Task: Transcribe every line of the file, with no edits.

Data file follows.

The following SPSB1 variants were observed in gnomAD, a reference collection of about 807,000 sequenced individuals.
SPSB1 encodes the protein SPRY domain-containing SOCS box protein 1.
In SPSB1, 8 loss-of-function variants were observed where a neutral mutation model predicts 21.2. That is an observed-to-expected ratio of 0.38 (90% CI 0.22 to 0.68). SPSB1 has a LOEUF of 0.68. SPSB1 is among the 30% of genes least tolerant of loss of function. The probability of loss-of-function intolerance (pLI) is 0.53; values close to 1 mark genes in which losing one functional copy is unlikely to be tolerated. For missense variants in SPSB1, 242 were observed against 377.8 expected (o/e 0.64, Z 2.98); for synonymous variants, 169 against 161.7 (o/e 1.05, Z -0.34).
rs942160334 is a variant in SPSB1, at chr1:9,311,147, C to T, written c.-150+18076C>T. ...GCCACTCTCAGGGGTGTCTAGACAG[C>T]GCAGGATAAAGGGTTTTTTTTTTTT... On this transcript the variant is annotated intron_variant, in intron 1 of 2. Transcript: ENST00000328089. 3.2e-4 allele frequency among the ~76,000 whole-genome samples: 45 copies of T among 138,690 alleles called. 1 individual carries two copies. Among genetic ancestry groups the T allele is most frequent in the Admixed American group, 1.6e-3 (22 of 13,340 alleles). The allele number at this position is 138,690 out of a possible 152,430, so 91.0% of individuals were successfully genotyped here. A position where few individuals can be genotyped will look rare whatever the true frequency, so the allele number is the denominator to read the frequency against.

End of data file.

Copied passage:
The following SPSB1 variants were observed in gnomAD, a reference collection of about 807,000 sequenced individuals.
SPSB1 encodes the protein SPRY domain-containing SOCS box protein 1.
In SPSB1, 8 loss-of-function variants were observed where a neutral mutation model predicts 21.2. That is an observed-to-expected ratio of 0.38 (90% CI 0.22 to 0.68). SPSB1 has a LOEUF of 0.68. SPSB1 is among the 30% of genes least tolerant of loss of function. The probability of loss-of-function intolerance (pLI) is 0.53; values close to 1 mark genes in which losing one functional copy is unlikely to be tolerated. For missense variants in SPSB1, 242 were observed against 377.8 expected (o/e 0.64, Z 2.98); for synonymous variants, 169 against 161.7 (o/e 1.05, Z -0.34).
rs942160334 is a variant in SPSB1, at chr1:9,311,147, C to T, written c.-150+18076C>T. ...GCCACTCTCAGGGGTGTCTAGACAG[C>T]GCAGGATAAAGGGTTTTTTTTTTTT... On this transcript the variant is annotated intron_variant, in intron 1 of 2. Transcript: ENST00000328089. 3.2e-4 allele frequency among the ~76,000 whole-genome samples: 45 copies of T among 138,690 alleles called. 1 individual carries two copies. Among genetic ancestry groups the T allele is most frequent in the Admixed American group, 1.6e-3 (22 of 13,340 alleles). The allele number at this position is 138,690 out of a possible 152,430, so 91.0% of individuals were successfully genotyped here. A position where few individuals can be genotyped will look rare whatever the true frequency, so the allele number is the denominator to read the frequency against.